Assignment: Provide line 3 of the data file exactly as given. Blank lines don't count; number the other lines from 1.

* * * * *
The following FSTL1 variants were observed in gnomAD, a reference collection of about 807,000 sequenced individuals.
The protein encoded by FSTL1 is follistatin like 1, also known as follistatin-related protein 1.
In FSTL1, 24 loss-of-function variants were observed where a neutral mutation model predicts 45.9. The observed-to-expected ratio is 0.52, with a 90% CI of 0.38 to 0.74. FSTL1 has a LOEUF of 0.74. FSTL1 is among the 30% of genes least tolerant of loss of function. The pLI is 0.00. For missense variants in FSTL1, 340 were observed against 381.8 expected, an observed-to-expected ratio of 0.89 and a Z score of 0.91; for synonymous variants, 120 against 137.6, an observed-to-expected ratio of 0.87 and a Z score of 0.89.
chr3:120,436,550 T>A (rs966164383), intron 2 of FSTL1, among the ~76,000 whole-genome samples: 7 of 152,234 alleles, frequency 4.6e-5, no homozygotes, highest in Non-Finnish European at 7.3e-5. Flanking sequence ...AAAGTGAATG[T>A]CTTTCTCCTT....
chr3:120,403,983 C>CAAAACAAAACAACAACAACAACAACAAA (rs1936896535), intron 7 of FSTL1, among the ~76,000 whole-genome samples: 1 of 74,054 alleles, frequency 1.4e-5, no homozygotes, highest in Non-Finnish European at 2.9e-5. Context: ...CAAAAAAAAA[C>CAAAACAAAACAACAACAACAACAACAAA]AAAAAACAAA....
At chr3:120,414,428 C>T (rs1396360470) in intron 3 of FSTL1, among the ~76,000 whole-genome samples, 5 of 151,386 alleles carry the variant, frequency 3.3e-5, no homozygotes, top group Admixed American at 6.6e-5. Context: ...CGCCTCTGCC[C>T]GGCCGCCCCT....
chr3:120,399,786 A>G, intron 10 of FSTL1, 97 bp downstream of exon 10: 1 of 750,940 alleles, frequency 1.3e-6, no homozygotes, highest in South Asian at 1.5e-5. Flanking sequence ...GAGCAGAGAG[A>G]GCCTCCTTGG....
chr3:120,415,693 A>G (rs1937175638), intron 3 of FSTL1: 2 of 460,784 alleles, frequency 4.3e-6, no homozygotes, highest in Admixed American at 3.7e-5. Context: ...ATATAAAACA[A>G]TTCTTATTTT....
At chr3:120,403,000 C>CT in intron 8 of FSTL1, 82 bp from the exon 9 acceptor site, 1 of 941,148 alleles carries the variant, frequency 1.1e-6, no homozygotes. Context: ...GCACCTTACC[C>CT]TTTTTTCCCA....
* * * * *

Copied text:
In FSTL1, 24 loss-of-function variants were observed where a neutral mutation model predicts 45.9. The observed-to-expected ratio is 0.52, with a 90% CI of 0.38 to 0.74. FSTL1 has a LOEUF of 0.74. FSTL1 is among the 30% of genes least tolerant of loss of function. The pLI is 0.00. For missense variants in FSTL1, 340 were observed against 381.8 expected, an observed-to-expected ratio of 0.89 and a Z score of 0.91; for synonymous variants, 120 against 137.6, an observed-to-expected ratio of 0.87 and a Z score of 0.89.